We set off early, we wanted to get some special tea for our practicas. Although not totally in the wrong direction the shop did make it a big triangle we had to navigate.
We were soon sorted with our tea and off again towards Villa Crespo. As we walk the familiar streets I can see for sale signs on various properties, places that have been deserted. These once proud buildings are now fit only for demolition. They are tearing the heart out of Villa Crespo and replacing it with outlet stores. This I already knew, but I was in for a surprise; on the for sale signs it does not say Villa Crespo any more but instead it says Outlet Zone. Are we now going to see “Outlet Zone, home of Osvaldo Pugliese”? or maybe “Fulgor, club de barrio outlet”? What is the place coming to?
Still we were not here to complain, but instead to celebrate Club Fulgor’s eighteenth birthday. $30 entrada, empanadas and raviolis easily the best value in town.
Roberto welcomed us in and sat us at a long table with lots of friends old and new. There were five long tables at the end of the room and by the looks of it they knew exactly how many were coming. Every chair was filled and nobody was left out. Some on our table were not regulars and we had not seen them at dances, somehow they had got the idea that we were the act. I was struggling with the conversation and at first was unsure what they were asking, so it took some time to put them right. Struggling at this level is good for me, it is a shame it does not happen more often.
I have been told now that we are unique, nobody comes this far and goes to the Clubs de Barrios, apparently. I worry though that these clubs like the ones at home will cease to exist when most of these members either die off or are too old to get here. A situation not helped by the old boy on the door who will not let anyone new in and the insistence of the old members in keeping the same seat even on the nights that they do not turn up.
The food was good and too much, even I left some. There was one old guy who cleaned his plate however, but when Marianne came around offering seconds there were no takers. After sitting for so long we were getting stiff, so in the short Cumbia session we got up, if only to do a short merengue. After this there was a local singer backed by an excellent guitarist. She had them in tucks most of the time, it was a shame that most of the humour went over my head.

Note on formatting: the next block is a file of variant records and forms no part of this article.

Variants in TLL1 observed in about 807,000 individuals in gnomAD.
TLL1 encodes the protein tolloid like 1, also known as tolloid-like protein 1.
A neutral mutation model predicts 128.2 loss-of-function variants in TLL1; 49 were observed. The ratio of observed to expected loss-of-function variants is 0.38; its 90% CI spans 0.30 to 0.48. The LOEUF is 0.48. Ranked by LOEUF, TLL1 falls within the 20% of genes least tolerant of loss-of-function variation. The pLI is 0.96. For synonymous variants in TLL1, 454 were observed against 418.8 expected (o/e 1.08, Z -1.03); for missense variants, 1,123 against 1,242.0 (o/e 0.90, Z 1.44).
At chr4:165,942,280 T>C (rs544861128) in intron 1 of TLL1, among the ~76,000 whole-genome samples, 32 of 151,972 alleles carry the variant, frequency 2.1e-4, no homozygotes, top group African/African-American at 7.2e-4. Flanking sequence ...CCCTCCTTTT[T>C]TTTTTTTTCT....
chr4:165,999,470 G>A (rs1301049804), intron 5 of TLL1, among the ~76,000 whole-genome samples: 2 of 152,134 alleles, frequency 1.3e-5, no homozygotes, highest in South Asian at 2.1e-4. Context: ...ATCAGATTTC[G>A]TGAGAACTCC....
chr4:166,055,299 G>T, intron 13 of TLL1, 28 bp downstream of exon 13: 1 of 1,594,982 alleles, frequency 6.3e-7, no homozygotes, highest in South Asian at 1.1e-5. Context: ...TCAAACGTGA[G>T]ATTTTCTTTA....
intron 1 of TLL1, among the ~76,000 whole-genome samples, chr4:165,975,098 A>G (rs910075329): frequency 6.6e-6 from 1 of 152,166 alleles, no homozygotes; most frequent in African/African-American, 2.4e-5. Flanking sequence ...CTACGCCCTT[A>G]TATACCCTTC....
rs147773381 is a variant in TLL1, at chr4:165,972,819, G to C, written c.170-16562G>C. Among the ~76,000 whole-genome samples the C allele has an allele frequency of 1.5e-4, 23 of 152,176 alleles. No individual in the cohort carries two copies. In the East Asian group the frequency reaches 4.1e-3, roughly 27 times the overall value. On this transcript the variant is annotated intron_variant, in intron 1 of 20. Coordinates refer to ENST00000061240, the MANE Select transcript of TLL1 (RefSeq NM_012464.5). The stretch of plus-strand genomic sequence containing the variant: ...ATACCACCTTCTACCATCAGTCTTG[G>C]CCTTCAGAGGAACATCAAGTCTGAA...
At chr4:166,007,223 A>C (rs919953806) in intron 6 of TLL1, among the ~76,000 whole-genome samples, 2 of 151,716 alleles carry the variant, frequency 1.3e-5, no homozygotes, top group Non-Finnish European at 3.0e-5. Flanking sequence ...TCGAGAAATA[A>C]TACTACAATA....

Eventually when it was all over, they started the music and Roberto ushered us onto the floor. As we danced around on our own I said to Viv “see we are the exhibition” but we were not alone for long.
All day more people came and some went, taking advantage of the fact that it was open for ten hours. Almost without exception when people left they came over to wish us well and “Buen Viaje” and of course people coming in all came over to say “hello”.
When it was finally time for us to leave Marianna said she would have a banner outside to welcome us back in April, and we left the room as Stars. Everyone wanted to wish us well, Roberto, his son Ruben, Norma and her friends. Then just when we thought it was safe to leave, Roberto stopped the music and said, they have travelled all the way from Wales to dance here and now they must go home, everyone got up and clapped, we left to an ovation. (was that a tear in Viv’s eye? I ask myself.)